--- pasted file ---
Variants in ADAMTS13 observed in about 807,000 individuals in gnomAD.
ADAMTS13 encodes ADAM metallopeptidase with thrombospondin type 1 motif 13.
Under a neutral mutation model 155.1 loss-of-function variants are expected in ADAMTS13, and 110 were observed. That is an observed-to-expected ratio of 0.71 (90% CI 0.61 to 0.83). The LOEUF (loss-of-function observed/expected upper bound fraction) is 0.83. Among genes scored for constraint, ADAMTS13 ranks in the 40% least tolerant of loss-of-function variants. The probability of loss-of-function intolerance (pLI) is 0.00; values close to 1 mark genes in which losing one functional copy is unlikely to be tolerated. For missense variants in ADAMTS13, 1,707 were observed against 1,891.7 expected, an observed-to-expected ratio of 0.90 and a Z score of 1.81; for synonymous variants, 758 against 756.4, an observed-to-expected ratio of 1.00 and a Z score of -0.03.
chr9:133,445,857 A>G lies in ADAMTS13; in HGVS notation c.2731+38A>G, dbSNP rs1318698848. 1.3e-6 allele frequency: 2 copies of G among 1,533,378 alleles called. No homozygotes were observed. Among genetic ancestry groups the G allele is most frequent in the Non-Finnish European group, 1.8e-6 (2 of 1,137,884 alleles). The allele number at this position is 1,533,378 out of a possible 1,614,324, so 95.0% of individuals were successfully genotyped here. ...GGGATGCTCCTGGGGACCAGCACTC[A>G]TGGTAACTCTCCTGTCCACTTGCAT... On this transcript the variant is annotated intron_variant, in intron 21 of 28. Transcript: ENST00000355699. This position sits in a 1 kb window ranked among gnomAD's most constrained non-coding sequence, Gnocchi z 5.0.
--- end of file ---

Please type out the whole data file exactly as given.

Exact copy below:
Variants in ADAMTS13 observed in about 807,000 individuals in gnomAD.
ADAMTS13 encodes ADAM metallopeptidase with thrombospondin type 1 motif 13.
Under a neutral mutation model 155.1 loss-of-function variants are expected in ADAMTS13, and 110 were observed. That is an observed-to-expected ratio of 0.71 (90% CI 0.61 to 0.83). The LOEUF (loss-of-function observed/expected upper bound fraction) is 0.83. Among genes scored for constraint, ADAMTS13 ranks in the 40% least tolerant of loss-of-function variants. The probability of loss-of-function intolerance (pLI) is 0.00; values close to 1 mark genes in which losing one functional copy is unlikely to be tolerated. For missense variants in ADAMTS13, 1,707 were observed against 1,891.7 expected, an observed-to-expected ratio of 0.90 and a Z score of 1.81; for synonymous variants, 758 against 756.4, an observed-to-expected ratio of 1.00 and a Z score of -0.03.
chr9:133,445,857 A>G lies in ADAMTS13; in HGVS notation c.2731+38A>G, dbSNP rs1318698848. 1.3e-6 allele frequency: 2 copies of G among 1,533,378 alleles called. No homozygotes were observed. Among genetic ancestry groups the G allele is most frequent in the Non-Finnish European group, 1.8e-6 (2 of 1,137,884 alleles). The allele number at this position is 1,533,378 out of a possible 1,614,324, so 95.0% of individuals were successfully genotyped here. ...GGGATGCTCCTGGGGACCAGCACTC[A>G]TGGTAACTCTCCTGTCCACTTGCAT... On this transcript the variant is annotated intron_variant, in intron 21 of 28. Transcript: ENST00000355699. This position sits in a 1 kb window ranked among gnomAD's most constrained non-coding sequence, Gnocchi z 5.0.